A Black war veteran–who was serving a life sentence over a $30 marijuana sale–is going to be released from prison soon. According to reports from ABC News, prosecutors in Louisiana announced on Thursday they agreed to reduce Derek Harris’ sentence to time served.
The Army veteran was arrested back in 2008 after he allegedly sold less than a gram of weed to an undercover officer. In 2012, a judge sentenced Harris to 15 years behind bars for the drug charges–but prosecutors subsequently invoked the state’s habitual offender law, which led to Harris being re-sentenced to life in prison without parole. According to court records, the vet had a number of nonviolent convictions under his belt, which include simple robbery and theft of property valued at less than $500.
In an attempt to get his conviction overturned, Harris argued that his first attorney failed his obligations and that he received “ineffective assistance of counsel at sentencing on post-conviction review.” Last month, the Louisiana Supreme Court reviewed the case and granted Harris a new hearing. Ultimately, the District Attorney’s office agreed that the defendant’s first attorney was ineffective and his marijuana charge did not warrant a life sentence.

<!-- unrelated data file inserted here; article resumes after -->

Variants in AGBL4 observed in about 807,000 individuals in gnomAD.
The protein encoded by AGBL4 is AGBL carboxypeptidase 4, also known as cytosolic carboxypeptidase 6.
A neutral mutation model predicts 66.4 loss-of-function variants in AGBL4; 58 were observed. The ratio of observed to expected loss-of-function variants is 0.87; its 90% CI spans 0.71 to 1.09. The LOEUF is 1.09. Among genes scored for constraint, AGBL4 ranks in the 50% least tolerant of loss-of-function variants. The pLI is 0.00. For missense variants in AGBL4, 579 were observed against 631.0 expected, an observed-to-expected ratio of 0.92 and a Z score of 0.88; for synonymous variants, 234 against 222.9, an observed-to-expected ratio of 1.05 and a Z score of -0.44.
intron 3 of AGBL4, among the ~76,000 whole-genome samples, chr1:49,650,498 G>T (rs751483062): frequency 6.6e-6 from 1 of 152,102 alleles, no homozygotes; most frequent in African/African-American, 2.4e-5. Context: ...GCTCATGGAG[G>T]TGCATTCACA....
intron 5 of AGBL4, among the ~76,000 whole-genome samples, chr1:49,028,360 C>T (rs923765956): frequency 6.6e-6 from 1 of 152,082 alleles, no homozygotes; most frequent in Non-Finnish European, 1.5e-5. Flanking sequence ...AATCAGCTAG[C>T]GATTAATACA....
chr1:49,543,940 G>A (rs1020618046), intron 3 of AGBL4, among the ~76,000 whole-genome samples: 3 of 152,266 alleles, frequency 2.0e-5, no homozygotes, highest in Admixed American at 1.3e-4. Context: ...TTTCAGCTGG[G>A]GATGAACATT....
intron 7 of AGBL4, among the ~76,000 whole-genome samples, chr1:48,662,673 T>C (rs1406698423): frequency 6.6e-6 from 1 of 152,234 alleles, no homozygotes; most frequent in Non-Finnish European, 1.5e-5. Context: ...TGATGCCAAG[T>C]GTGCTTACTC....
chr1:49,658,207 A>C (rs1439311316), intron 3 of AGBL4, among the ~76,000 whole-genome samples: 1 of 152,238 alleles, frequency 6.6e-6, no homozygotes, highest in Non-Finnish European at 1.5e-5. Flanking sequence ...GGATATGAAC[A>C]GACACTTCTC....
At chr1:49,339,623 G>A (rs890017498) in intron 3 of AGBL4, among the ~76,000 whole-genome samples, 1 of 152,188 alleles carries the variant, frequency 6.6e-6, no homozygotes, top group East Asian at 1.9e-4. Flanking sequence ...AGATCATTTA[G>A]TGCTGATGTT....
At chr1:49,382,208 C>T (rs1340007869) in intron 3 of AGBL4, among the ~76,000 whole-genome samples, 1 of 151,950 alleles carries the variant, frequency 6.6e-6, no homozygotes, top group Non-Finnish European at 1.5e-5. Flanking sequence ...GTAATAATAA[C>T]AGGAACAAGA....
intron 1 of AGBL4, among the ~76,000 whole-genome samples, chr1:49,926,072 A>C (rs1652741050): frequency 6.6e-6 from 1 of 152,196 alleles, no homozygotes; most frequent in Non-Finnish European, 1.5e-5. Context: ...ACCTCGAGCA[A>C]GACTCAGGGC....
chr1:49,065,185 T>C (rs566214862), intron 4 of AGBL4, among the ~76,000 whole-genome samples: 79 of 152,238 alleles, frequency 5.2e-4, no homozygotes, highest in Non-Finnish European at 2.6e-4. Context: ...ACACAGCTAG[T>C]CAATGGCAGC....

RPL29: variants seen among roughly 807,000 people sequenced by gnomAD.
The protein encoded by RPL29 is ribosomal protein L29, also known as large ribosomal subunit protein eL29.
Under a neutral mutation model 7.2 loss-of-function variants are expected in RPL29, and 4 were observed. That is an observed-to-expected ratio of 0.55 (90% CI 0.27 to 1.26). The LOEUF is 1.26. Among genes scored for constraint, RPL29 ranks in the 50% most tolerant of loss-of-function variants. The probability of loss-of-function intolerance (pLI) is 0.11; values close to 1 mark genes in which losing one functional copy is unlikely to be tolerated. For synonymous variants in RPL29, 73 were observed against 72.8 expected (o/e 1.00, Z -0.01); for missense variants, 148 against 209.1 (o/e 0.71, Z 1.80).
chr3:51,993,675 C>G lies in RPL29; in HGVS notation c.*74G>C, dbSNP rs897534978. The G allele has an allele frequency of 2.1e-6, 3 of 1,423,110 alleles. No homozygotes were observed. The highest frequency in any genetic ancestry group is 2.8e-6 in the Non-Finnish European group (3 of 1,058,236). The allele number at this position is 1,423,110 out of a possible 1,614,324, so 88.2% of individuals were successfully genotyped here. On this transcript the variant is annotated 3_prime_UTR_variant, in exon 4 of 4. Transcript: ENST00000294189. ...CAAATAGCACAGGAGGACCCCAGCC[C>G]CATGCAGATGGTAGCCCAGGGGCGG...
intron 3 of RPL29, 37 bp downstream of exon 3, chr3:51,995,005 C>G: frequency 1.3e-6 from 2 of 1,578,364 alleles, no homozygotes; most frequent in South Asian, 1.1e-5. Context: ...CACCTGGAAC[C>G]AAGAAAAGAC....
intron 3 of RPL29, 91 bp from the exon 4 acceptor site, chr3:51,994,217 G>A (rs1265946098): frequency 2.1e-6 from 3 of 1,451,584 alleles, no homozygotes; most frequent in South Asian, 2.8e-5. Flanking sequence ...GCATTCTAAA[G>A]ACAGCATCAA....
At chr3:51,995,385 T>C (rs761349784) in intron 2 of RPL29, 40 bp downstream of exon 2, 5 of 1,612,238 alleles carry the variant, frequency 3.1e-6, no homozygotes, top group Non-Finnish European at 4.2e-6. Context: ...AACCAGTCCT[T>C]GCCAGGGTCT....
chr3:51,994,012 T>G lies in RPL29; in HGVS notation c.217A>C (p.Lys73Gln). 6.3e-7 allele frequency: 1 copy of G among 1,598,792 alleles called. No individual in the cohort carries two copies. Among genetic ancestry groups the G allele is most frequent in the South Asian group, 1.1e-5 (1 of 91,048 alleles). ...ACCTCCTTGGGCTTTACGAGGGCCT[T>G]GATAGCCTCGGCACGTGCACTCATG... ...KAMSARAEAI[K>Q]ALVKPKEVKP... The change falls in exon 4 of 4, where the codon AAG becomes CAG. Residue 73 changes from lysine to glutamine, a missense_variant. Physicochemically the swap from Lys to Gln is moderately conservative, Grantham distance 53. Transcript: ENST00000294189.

Louisiana Supreme Court Justice John Weimer wrote in the decision that Harris was not a “not a drug kingpin” and could not be classified “as a drug dealer, so far as I can tell.” Weimer continued, writing, “[Harris] developed a substance abuse problem after returning from his honorable military service in Desert Storm…and his prior offenses were nonviolent and related to his untreated dependency on drugs.”
Once Harris is out, he intends to move to Kentucky to be near his family. His attorney, Cormac Boyle, told CNN he is working to get his client released “soon.”